For many years, business leaders and owners have been scratching their heads trying to find a means of motivating employees. Employee engagement is a hard task to master. It takes a special kind of business owner to do this without any help. If you are in the process of struggling to motivate and inspire your team, then employee engagement can be the perfect pathway to go down to solve this. One of the best ways to look at this, though, is through Maslow’s Hierarchy of Needs. When applied to the field of employee engagement, it can be hugely beneficial. As a psychologist of much repute but also controversy, Abraham Maslow created a very interesting philosophy that, when put into the workplace, holds some pretty valid ideas.

The hierarchy

Typically, the hierarchy of our needs is:

  • To have enough money/means to settle our debts and to feel independent financially – the act of survival, in essence.
  • People also want to feel secure, that they are wanted and that they have a purpose both at home and in the workplace – they want security.
  • When a job cannot pay a staff member what they need or it cannot offer the security they need long-term, then it becomes harder to find that motivation as it lacks the ability to meet two primary needs.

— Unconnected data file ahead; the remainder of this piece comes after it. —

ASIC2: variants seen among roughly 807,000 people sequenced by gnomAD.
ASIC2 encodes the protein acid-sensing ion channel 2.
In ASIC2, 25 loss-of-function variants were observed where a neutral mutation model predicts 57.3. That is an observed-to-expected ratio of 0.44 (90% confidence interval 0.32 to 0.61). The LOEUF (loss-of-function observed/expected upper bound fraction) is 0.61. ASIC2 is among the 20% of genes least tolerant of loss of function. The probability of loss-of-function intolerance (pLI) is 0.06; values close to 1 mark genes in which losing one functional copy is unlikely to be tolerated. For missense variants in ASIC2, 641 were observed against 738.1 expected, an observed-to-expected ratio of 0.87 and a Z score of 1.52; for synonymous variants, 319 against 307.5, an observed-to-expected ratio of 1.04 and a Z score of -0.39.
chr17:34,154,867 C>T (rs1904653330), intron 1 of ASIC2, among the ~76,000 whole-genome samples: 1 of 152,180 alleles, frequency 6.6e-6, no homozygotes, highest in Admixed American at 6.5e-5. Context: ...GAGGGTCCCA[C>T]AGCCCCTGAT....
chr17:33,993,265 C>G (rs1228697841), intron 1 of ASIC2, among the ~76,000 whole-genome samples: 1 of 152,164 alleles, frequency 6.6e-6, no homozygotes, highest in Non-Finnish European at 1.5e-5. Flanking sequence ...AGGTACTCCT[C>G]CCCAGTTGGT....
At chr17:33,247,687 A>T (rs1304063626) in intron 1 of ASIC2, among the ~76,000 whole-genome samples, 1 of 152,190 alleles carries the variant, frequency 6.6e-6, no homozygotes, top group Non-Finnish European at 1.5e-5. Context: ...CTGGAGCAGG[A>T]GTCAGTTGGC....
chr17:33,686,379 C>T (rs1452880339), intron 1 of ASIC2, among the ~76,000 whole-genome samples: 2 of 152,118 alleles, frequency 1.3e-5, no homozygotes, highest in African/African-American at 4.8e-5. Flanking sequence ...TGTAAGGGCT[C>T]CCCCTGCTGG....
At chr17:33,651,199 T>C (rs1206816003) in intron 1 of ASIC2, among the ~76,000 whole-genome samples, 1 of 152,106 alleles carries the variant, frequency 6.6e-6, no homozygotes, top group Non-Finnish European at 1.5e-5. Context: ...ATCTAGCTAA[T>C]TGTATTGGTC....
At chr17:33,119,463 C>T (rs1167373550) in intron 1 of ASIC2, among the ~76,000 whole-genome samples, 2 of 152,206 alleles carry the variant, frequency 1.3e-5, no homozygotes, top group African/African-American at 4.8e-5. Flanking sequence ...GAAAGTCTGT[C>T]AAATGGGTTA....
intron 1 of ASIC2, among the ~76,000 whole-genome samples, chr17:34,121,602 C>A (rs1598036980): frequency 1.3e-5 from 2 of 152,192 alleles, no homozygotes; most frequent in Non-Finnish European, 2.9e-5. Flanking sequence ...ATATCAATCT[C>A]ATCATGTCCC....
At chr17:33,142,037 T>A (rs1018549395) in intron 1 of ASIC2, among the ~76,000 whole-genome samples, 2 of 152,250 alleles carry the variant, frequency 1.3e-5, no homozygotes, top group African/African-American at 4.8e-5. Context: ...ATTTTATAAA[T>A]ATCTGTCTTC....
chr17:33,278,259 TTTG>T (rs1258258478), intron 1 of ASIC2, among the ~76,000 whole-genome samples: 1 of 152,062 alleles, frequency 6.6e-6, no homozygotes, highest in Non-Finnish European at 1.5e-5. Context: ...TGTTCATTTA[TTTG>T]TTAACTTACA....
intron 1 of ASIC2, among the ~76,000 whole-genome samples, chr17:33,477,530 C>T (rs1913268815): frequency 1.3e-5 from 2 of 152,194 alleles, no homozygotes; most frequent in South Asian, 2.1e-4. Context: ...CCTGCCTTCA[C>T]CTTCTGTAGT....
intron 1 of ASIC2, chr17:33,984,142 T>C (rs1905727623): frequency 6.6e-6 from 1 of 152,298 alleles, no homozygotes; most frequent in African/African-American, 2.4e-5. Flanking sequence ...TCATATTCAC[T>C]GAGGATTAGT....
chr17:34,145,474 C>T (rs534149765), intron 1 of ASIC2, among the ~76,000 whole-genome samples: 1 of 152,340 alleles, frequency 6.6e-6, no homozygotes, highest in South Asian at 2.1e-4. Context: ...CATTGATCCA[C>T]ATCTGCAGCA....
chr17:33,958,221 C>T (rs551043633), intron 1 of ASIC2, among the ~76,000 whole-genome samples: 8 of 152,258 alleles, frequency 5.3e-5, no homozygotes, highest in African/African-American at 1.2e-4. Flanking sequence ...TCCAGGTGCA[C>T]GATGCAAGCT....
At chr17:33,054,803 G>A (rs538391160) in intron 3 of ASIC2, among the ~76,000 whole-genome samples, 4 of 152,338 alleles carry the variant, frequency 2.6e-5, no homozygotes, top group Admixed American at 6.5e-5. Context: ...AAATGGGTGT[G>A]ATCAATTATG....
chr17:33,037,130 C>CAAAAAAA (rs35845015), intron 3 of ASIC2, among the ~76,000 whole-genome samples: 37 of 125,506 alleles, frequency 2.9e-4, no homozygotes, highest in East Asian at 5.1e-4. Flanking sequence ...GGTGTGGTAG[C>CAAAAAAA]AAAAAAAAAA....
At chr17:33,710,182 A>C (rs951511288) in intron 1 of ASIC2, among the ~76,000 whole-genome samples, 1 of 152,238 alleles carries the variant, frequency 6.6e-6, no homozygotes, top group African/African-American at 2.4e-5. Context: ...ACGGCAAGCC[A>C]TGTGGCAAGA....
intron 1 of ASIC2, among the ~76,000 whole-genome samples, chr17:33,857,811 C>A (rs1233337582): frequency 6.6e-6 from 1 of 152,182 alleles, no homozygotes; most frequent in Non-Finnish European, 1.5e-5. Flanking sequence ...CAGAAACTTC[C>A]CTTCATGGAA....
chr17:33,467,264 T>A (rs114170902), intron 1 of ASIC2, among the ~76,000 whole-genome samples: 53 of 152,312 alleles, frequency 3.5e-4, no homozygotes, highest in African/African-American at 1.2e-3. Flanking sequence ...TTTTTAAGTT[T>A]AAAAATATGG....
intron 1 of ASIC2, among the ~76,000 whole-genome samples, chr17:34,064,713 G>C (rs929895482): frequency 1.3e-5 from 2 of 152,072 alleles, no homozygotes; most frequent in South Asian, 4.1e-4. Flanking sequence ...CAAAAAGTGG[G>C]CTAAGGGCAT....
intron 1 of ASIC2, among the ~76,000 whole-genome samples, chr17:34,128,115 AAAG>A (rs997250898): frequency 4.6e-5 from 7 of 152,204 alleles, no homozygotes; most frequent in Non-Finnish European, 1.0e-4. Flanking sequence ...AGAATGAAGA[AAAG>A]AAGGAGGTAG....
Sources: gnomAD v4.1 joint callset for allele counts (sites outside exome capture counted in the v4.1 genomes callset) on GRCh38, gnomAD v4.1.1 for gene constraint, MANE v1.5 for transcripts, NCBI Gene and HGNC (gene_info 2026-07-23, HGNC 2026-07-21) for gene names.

• Next, a staff member always wants to feel like they belong within that particular workplace – that they are part of the team, that they are wanted. They want to feel trusted and useful.
  • Lastly, people want to feel important, valued and their contribution is actually making a difference. They want to be part of the cog that turns the wheel, genuinely contributing.

Being able to feel financially secure, like you are part of the team and that you are genuinely useful to the workplace is so important. It’s a major part of how a staff member can go from providing an acceptable level of input to showcasing a unique level of growth within themselves. When someone has all of their hierarchical needs in the workplace being met, they can give 100% and feel far more open, honest and secure in their position. The first two, though, are the most important. Without security and the ability to survive, the chances of finding the motivation to feel like they belong, are important to the business and actively contribute is hugely diminished.

Conclusion

Now, you can change how you work and how you feel through making this call. Employee engagement for a business owner is all about trying to make each employee feel like they have, at the very least, the first two motivating factors in the workplace. A sense of importance and belonging should never be ignored or seen as just another part of the job – it’s vital. If you feel like your workplace has a negative and glum feel to it, look into your employee engagement. Does each individual feel as if they have their hierarchical needs met? If not, why not?

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